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Long-term treasury yields have been going down fairly continuously since the mid 1980s. Right now, the 30-year yield is under 3%, meaning that it is likely to barely keep up with inflation if held to maturity.

What long-term secular trends are causing this huge rise in long-term Treasury prices and collapse in yields? Why would anyone in their right mind buy a U.S. Treasury nowadays except as a short term parking place for their money? Since long Treasuries aren't as safe a parking place as short ones, why would anyone buy these, period?

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2 Answers 2

I believe that it's largely irrational, fueled largely by foreign investors that are afraid to invest anywhere else. There are a few people out there right now who are writing about this:

http://www.marketwatch.com/story/us-treasuries-largest-bubble-in-world-history-says-nia-2011-08-30

http://articles.businessinsider.com/2010-08-25/markets/30080511_1_fed-first-yields-mbs

As to why would you invest in long-dated versus short? Probably to chase yield. The 30 year yields 30x more than the 1 year. It's also easier to buy on the long end if you believe that the economy will remain slow for another decade or two and therefore the central banks will keep rates low for a very long time.

Of course, at the moment, long-dated treasury prices are artificially high because of operation twist.

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@mehasse: Right, the yield is much higher on long than short Treasuries, but if you plan on selling them before maturity then they're not actually very safe and if you have a 10- or 30-year time horizon then you may as well buy stocks. –  dsimcha Oct 8 '11 at 4:01
    
@dsimcha But if you are are a portfolio manager running a billion-dollar fixed-income fund, and your fund's composition is explicitly specified in the prospectus as a bond fund with a longish avg maturity, or you are required by state retirement funds to have a relatively conservative, mostly income (not growth) type asset allocation, then you will not be able to buy stocks. See the last paragraph of money.stackexchange.com/questions/11446/… –  Ellie Kesselman Oct 8 '11 at 16:55
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@dsimcha: If you believe in a protracted global recession, then it's not so risky to hold long-dated bonds. Also, please note my first sentence, "I believe that it's largely irrational". –  mehaase Oct 10 '11 at 0:33

In a secular bull market, strong investor sentiment drives prices higher, as participants, over time, are net buyers.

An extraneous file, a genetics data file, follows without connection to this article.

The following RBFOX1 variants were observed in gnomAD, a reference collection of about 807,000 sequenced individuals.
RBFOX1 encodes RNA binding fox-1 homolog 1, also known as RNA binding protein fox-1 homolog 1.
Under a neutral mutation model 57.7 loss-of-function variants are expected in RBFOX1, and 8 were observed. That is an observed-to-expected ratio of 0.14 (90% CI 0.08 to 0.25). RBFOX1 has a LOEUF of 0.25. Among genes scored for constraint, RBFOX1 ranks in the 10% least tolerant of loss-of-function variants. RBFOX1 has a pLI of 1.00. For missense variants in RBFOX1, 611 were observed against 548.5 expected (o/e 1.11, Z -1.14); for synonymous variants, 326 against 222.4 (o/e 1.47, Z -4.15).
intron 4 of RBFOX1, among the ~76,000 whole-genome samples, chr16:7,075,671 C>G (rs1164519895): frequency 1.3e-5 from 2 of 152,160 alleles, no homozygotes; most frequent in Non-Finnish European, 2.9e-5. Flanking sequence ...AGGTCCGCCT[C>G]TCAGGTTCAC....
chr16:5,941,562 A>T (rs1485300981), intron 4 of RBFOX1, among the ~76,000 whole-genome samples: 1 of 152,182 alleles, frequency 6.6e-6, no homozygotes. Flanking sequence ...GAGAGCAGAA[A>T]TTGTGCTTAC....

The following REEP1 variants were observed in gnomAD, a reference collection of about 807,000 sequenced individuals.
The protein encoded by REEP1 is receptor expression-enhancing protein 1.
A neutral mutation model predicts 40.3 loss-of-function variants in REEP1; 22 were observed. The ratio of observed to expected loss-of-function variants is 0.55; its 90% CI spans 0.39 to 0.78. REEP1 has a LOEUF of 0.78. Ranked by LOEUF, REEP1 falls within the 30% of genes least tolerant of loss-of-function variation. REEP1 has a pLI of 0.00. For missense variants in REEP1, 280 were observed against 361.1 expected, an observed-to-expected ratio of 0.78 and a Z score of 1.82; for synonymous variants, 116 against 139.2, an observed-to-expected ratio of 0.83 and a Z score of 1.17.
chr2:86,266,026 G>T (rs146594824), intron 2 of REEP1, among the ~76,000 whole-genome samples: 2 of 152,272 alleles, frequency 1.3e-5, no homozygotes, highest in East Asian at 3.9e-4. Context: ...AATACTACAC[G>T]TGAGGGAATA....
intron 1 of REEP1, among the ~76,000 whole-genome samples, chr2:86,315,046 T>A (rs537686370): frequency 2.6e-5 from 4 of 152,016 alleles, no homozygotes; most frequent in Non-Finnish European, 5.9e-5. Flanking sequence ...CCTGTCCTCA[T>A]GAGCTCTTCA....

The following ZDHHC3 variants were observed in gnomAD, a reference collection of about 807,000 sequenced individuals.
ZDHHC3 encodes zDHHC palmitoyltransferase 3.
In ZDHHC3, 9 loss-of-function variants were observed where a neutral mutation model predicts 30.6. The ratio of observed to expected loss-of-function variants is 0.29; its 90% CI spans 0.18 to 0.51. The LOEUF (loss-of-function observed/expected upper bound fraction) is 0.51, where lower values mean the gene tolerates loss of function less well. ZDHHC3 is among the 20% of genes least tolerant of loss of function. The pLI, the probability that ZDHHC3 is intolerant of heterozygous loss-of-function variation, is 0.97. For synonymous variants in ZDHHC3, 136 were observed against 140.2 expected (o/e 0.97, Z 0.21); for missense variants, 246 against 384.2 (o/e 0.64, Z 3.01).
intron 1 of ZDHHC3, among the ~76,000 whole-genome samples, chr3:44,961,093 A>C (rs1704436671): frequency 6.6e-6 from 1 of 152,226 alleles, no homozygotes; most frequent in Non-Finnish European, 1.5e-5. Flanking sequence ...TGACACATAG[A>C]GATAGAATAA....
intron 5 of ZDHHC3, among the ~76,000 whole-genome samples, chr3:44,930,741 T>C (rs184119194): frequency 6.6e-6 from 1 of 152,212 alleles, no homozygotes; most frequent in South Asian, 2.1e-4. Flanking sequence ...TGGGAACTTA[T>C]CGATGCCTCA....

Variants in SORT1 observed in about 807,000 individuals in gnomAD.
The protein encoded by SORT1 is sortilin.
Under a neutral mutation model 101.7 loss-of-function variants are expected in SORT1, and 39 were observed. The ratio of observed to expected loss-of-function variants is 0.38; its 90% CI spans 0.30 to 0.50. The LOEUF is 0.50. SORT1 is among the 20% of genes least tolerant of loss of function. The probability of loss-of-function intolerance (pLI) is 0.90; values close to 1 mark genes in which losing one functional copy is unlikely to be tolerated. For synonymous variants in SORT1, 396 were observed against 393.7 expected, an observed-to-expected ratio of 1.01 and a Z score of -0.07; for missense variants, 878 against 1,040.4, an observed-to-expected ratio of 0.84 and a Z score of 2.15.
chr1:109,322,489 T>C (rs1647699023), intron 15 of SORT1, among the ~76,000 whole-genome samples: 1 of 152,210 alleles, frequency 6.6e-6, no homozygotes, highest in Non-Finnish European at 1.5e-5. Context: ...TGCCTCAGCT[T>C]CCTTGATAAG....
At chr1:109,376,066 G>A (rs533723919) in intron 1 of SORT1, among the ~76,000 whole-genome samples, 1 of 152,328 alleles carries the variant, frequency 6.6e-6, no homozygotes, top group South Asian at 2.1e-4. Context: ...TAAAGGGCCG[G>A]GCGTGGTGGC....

Secular markets are typically driven by large-scale national and worldwide events... demographic/ population shifts, governmental policies... bear market periods occur within the longer interval, but do not reverse the trend.

There are still many reasons to buy the long bond, despite the lack of yield (nearly flat term structure of interest rates). Despite the recent credit ratings agency downgrades of U.S. sovereign risk, the T-bond offers greater relative security than many alternatives.

If Germany were NOT part of the EU, its government bonds would be issued by the Bundesbank, denominated in Deutsche Marks. German government bonds would probably be a better choice than the U.S. Treasury's 30-year bond.

Long-term maturity U.S. Treasuries are in demand by investment and portfolio managers because:

  • They are used as hedges for arb strategies.
  • Many fixed-income (bond) mutual funds and pension portfolios have maturity (or duration) requirements. Yield is not easy to find. Choices are limited to short-maturities or speculative "junk" bonds. To satisfy portfolio requirements for maturity length and overall risk, there are few alternatives to the 30-year long bond as a safe, liquid means of adjusting aggregate investment holdings, yet with low transaction costs.
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W.r.t. bond funds, that does beg the question: Why would anyone invest in a long Treasury fund right now? I don't even buy that it's a "safe" investment at these prices given the severe risk of not keeping up with inflation. –  dsimcha Oct 7 '11 at 13:21
    
@dsimcha I personally wouldn't buy long bonds right now. I agree with you. But see the last sentences of my answer. That's one reason why investors would choose T-bonds, in the past AND present. Re inflation risk exposure: The U.S. has experienced long intervals of low inflation, even DEFLATION, during the past 20 years (unlike the 1970's-mid 1980's. I'll try to provide a citation to corroborate that, please forgive). So erosion of value due to inflation has been low. Thus bonds, including 30-year US Treasuries have remained attractive to investors. Result? A long secular bull market. –  Ellie Kesselman Oct 8 '11 at 17:14
    
Does this really make sense? Once the US needs to print money just to pay off T-bonds, that will increase inflation (in addition to any other factor driving inflation). That's essentially the same as a (partial) default. I.e. whether through inflation or default, your bonds are worth less than what you paid for them. EU vs US makes no difference in that respect. The 100% GDP debt of the US, versus 85% in Germany is a real difference though. –  MSalters Oct 10 '11 at 13:47
    
@MSalters You are correct, going forward, I agree w/you. But looking backward, at a 20-30 year time horizon, which is what a long secular bull market means, I think my answer makes sense. But it may not continue to make sense soon, and the long secular bull market in US Treasuries is unlikely to continue indefinitely! –  Ellie Kesselman Oct 12 '11 at 14:48
    
"The U.S. dollar is a fiat currency, so the US won't go bankrupt." what? The EURO is a fiat currency too........... –  CQM Nov 13 '11 at 17:57

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